At 21, I had a problem. Every time I went to the gym, I had no idea what I was meant to be doing. I looked around and realised there was nothing built specifically for people my age. Most GenZers were using YouTube, TikTok and Instagram as a fragmented workout solution. I did my research, talked to everyone who would talk to me, tried other fitness apps, and posted surveys on Facebook uni groups. I was relentless in understanding the problem.
Armed with limited life experience, let alone business experience, I knew that it was I who was going to fix this issue. I was going to be the next Zuckerberg, but instead of building a social media network, it was going to be a fitness app. We would empower Gen Z to live healthier lives and be their best selves! The idea was a homerun. Step 1: I’d build the app. Step 2: Everyone my age would start crushing their ab workouts. I just needed a name. I settled for Steppen.
Turns out, I needed more than a name to guarantee my company’s success.
As reality set in, I realised I had absolutely no idea what I was doing - a theme that would continue for the three years I ran Steppen. What I did have was belief - and boy did that go a long way. I truly believed that Steppen was going to change the world. I also believed that despite knowing nothing about running a business or the obstacles that lay ahead, I could pull this off. This belief in both Steppen and myself was strong enough to make me realise I should at least pause my degree. My parents did not want to hear the term drop out.
Five months into this journey, Jake, someone I went to school with, reached out via WhatsApp after seeing an Instagram post of mine shamelessly plugging Steppen. He wanted to learn more. He soon joined as a co-founder. Two months later, our initial version of the app was ready - we thought it was amazing. However, once we began testing it with our friends we realised that it was extremely average. At the same time, Jake and I were driving around Melbourne filming content creators so that our app could launch with a library of hundreds of exercises and workouts.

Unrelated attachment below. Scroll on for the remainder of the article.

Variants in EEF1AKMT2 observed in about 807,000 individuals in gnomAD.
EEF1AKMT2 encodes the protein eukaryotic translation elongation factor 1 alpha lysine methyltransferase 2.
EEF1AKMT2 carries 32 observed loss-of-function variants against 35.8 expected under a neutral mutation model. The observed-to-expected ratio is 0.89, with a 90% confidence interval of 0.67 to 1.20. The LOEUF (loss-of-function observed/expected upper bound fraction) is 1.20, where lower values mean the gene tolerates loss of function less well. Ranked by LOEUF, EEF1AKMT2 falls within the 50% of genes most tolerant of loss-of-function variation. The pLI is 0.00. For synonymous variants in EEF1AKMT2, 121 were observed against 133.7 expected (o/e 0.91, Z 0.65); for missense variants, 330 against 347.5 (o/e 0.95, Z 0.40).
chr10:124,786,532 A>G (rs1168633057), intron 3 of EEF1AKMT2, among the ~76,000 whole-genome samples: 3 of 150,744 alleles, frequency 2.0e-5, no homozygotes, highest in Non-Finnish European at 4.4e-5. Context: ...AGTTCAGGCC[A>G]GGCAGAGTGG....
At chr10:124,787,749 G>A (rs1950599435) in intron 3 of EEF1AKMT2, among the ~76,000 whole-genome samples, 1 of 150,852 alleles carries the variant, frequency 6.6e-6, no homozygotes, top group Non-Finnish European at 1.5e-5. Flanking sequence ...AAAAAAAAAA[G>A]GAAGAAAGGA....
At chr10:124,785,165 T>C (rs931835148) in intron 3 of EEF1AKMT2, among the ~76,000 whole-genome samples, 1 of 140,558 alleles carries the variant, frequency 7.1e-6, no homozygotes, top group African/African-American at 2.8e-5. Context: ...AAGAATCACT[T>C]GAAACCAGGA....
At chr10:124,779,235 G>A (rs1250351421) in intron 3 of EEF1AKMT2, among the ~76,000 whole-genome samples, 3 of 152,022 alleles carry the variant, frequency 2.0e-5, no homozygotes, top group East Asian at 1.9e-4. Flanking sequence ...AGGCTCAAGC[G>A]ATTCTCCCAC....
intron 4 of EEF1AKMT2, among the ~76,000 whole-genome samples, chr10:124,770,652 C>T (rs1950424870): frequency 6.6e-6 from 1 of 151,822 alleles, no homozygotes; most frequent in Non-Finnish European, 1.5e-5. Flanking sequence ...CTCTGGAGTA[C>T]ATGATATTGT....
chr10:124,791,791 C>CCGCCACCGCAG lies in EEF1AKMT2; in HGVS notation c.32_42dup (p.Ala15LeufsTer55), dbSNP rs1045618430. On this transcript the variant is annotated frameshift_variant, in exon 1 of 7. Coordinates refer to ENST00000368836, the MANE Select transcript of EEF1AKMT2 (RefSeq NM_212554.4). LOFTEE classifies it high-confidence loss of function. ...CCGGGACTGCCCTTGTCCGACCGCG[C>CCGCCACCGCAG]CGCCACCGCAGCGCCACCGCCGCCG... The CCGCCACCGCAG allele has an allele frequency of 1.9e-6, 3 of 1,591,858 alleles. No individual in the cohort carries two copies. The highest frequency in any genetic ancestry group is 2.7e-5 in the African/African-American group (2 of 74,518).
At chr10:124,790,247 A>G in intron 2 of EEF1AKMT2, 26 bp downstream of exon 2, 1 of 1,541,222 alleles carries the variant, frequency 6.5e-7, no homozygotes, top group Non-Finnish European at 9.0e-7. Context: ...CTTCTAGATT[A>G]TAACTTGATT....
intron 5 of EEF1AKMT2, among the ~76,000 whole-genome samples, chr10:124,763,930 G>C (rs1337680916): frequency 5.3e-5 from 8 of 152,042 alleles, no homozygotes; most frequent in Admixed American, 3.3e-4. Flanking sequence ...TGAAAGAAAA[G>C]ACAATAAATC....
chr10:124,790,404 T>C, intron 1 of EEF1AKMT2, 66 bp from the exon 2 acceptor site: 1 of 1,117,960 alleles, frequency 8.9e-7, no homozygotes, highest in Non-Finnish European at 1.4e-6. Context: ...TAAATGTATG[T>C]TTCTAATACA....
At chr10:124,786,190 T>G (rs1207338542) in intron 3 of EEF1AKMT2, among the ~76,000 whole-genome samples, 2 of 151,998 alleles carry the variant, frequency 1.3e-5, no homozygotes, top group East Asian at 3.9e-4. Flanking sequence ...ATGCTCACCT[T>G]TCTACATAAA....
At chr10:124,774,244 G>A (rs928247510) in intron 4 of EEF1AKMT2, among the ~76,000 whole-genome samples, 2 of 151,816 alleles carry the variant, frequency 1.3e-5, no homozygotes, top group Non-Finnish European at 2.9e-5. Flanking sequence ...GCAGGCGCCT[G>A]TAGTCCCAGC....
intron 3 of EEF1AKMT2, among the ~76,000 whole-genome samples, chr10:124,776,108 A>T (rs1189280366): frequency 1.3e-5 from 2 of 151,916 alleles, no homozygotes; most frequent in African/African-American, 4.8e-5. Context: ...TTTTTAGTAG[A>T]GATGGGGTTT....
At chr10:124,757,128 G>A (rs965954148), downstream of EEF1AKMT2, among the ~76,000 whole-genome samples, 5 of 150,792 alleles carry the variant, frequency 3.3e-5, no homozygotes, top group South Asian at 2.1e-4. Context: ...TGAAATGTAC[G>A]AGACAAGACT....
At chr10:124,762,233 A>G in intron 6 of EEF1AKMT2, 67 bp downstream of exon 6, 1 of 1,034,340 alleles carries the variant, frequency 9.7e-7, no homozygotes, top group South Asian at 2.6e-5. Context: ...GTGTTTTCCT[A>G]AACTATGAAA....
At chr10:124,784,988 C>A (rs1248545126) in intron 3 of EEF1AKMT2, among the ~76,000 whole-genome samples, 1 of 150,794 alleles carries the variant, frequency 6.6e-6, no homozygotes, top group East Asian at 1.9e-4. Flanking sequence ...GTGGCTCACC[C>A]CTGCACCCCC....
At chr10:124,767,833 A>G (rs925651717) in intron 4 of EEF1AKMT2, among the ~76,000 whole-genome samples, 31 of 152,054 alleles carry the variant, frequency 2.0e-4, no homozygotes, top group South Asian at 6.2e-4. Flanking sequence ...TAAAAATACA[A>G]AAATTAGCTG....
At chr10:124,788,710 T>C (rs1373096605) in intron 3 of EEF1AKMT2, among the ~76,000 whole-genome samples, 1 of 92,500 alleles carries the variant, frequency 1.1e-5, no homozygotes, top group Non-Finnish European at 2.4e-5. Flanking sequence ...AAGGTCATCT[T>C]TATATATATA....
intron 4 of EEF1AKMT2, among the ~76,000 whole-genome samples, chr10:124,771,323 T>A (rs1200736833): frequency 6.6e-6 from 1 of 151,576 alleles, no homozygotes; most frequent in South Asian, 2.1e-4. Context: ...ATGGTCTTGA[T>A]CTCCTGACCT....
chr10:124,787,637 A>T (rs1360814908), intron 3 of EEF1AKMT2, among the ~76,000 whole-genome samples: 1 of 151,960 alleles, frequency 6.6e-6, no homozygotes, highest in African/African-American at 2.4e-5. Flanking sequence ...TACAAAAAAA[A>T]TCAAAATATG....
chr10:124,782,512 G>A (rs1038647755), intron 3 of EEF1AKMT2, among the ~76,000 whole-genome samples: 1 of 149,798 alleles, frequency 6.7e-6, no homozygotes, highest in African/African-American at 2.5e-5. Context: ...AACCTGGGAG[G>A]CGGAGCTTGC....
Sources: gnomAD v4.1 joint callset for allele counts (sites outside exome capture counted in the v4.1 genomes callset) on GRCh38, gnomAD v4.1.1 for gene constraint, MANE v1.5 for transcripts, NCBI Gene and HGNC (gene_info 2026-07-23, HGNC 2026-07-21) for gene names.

We had no money. We had no developers. Did I mention that the product was extremely average? We needed actual investment if this was really going to work. We were lucky that capital markets were strong at the time, and we sold the vision of what we thought Steppen could be very well. As a business, we were soon armed with over $600,000. What that means is that we had money to spend on developers, design, and marketing. We met Dave who became our third co-founder and engineer. Dave added some grey hair and experience to the team. And we launched Steppen on the Apple and Google app stores that same week. We were flying.
Except … almost no one downloaded our app. And the 200 that did? They weren't using it, which is pretty critical when it comes to proving that your app actually has value for people. This was not how things were meant to happen. We were supposed to explode the day we launched.
We'd had some early wins, but it turned out the hard work was only in front of us, and this is where the grind really began. We met a gun performance marketer, who helped us to crack the marketing code, and from there, we grew to over 200,000 downloads. We raised a further $1.6 million just after my 23rd birthday. The trajectory was far from linear, we had huge strategy pivots, redundancies we had to make and different disasters every month. Regardless, early in 2023 we turned our focus to generating revenue in the app, we added an option for people to pay an in-app subscription fee. What we'd managed to do was to build an app with a unique audience, and we started to think that the next best move as a company was to find an acquirer. In September this year, Steppen was lucky to be acquired by Alta Fitness, a martial arts company.
Just as it takes a village to raise a child, the same is true for a startup. I was lucky to have Jake and Dave on the journey. We were lucky to be supported by great investors. I am extremely grateful to my parents who encouraged me to pursue this opportunity. Looking back, there were a lot of external factors outside of our control that worked in our favour. I appreciate that this is not the case for many budding entrepreneurs.
If there are two things that I'd love you to take away from this piece, it would be to back yourself and just go for it. Your dreams won’t be achieved by just thinking about them.